So where to start? We’d better first calculate how many SARS-CoV-2 particles there are in the world. To do that, we’ll need to know how many people are infected. (We’ll assume humans rather than animals are the most significant reservoir for the virus.)

Of all the people who are infected now, those who got infected yesterday will contribute a little to the total count. Those who were infected a couple of days ago will contribute a little more. Those infected three days ago a little more still. On average, people infected six days ago will have the highest viral load. This contribution will then decline for people who were infected seven or eight or nine days ago, and so on.

Let’s work with a value in the middle of this range (the geometric mean) at 10 billion. When you add up all the contributions to the viral load of each of the 3 million people who became infected on each of the previous days (assuming this 3 million rate is roughly constant) then we find that there are roughly two hundred quadrillion (2x10¹⁷ or two hundred million billion) virus particles in the world at any one time.

V = 4 π r³/3Assuming a 50 nanometre radius (at the centre of the estimated range) of SARS-CoV-2 for the value of

*r*, the volume of a single virus particle works out to be 523,000 nanometres³.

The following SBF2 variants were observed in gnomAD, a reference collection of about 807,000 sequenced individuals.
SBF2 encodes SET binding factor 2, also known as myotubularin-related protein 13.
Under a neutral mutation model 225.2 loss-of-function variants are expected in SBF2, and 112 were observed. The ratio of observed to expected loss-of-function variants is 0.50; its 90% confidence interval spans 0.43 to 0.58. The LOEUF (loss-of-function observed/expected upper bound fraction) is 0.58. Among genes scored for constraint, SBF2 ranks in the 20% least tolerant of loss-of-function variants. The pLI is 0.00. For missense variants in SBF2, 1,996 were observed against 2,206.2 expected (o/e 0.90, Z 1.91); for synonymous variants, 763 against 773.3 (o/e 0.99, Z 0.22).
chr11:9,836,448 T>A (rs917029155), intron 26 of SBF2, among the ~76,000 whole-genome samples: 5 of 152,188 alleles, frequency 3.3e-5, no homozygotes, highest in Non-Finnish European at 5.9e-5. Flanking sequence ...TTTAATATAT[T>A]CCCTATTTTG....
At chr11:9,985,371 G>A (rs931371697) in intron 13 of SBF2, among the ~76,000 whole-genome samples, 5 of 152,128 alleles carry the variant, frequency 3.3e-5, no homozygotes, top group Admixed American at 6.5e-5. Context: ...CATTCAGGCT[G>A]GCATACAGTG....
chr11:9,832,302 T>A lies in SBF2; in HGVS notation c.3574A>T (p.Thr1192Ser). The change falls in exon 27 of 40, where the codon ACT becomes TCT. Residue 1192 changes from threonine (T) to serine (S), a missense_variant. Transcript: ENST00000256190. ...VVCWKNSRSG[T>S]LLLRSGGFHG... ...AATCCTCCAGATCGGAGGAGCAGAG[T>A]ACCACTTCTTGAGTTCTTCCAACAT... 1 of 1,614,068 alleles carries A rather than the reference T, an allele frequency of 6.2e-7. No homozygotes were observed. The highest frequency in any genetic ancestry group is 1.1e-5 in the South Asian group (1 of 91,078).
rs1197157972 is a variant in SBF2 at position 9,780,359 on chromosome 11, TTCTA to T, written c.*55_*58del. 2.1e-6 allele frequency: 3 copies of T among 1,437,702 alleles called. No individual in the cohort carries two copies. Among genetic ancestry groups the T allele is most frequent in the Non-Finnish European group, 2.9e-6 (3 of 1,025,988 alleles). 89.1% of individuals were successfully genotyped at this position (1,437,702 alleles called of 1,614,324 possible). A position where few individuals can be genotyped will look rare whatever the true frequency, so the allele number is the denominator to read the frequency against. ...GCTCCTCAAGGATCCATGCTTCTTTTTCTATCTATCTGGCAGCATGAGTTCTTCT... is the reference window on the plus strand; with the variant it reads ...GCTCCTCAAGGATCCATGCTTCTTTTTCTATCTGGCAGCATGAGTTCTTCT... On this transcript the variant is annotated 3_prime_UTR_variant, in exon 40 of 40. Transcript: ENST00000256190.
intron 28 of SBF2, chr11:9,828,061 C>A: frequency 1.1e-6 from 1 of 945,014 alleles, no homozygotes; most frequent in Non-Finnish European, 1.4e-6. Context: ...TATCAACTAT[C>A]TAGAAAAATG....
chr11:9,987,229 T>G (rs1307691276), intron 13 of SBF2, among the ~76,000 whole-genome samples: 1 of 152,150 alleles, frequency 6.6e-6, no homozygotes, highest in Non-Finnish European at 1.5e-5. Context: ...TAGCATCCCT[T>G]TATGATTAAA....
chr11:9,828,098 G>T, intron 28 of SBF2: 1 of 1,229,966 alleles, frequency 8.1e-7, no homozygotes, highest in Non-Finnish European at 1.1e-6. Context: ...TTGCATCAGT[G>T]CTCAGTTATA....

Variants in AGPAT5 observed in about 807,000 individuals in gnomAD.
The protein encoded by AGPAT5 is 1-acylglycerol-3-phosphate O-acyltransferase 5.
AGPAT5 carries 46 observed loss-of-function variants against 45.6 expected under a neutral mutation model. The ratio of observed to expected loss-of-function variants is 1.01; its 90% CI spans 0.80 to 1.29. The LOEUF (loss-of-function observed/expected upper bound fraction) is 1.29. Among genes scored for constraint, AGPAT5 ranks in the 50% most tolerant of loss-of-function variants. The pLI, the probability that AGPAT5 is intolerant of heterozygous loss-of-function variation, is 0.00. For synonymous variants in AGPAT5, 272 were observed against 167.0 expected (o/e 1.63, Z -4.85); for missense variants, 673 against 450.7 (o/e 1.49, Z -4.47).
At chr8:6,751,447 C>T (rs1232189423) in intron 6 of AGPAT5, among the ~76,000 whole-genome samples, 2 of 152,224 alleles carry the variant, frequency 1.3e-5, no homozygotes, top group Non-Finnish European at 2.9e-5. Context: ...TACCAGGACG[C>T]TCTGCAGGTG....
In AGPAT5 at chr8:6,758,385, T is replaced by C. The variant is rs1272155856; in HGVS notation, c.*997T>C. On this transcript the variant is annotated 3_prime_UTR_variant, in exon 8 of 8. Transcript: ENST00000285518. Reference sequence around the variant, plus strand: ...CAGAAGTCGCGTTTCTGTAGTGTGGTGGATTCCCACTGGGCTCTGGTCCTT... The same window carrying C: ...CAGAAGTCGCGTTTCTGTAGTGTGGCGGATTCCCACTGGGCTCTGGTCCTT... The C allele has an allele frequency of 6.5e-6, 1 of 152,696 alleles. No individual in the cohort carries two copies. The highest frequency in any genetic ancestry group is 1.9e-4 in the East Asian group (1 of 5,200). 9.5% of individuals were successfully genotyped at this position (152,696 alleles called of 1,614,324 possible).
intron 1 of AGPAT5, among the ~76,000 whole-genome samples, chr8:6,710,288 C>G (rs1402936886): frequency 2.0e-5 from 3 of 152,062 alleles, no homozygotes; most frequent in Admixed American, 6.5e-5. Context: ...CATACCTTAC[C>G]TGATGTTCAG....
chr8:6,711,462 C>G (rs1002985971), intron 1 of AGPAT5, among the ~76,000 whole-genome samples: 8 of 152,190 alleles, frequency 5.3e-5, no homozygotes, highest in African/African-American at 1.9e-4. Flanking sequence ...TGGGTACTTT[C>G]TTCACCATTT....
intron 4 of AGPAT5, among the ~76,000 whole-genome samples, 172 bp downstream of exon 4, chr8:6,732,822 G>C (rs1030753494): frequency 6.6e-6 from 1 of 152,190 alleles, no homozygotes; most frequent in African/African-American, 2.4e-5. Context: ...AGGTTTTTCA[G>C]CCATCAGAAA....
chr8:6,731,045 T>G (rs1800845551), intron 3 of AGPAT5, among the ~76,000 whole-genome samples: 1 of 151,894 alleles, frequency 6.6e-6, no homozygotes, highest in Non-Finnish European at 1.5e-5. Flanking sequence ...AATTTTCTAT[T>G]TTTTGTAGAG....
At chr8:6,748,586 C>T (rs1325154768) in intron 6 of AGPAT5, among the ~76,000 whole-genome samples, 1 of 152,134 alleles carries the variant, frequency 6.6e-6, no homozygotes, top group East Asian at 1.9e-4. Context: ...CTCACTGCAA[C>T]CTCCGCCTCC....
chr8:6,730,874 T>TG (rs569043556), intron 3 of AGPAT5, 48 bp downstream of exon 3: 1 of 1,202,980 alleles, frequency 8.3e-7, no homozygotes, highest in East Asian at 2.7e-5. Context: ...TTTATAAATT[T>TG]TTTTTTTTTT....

*very small*volume by the

*very large*number of particles we calculated earlier, and converting into meaningful units gives us a total volume of about 120 millilitres (ml). If we wanted to put all these virus particles together in one place, then we’d need to remember that spheres don’t pack together perfectly.

## Close sphere packing

If you think about the pyramid of oranges you might see at the grocery store, you’ll remember that a significant portion of the space it takes up is empty. In fact, the best you can do to minimise empty space is a configuration called “close sphere packing” in which empty space takes up about 26% of the total volume. This increases the total*gathered volume*of SARS-CoV-2 particles to about 160ml – easily small enough to fit inside about six shot glasses. Even taking the upper end of the diameter estimate and accounting for the size of the spike proteins all the SARS-CoV-2 still wouldn’t fill a Coke can.

It turns out that the total volume of SARS-CoV-2 was between my wife’s rough estimates of the teaspoon and the swimming pool. It’s astonishing to think that all the trouble, the disruption, the hardship and the loss of life that has resulted over the last year could constitute just a few mouthfuls of what would undoubtedly be the worst beverage in history.

*Correction: The estimate of the number of virus particles – 2x10¹⁸ or two billion billion in the world at any one time – should have read 2x10¹⁷ or two hundred million billion. This doesn’t change the estimated volume of the SARS-CoV-2 in the world, which still stands at 160ml.*

*Christian Yates, Senior Lecturer in Mathematical Biology, University of Bath This article is republished from The Conversation under a Creative Commons license. Read the original article.*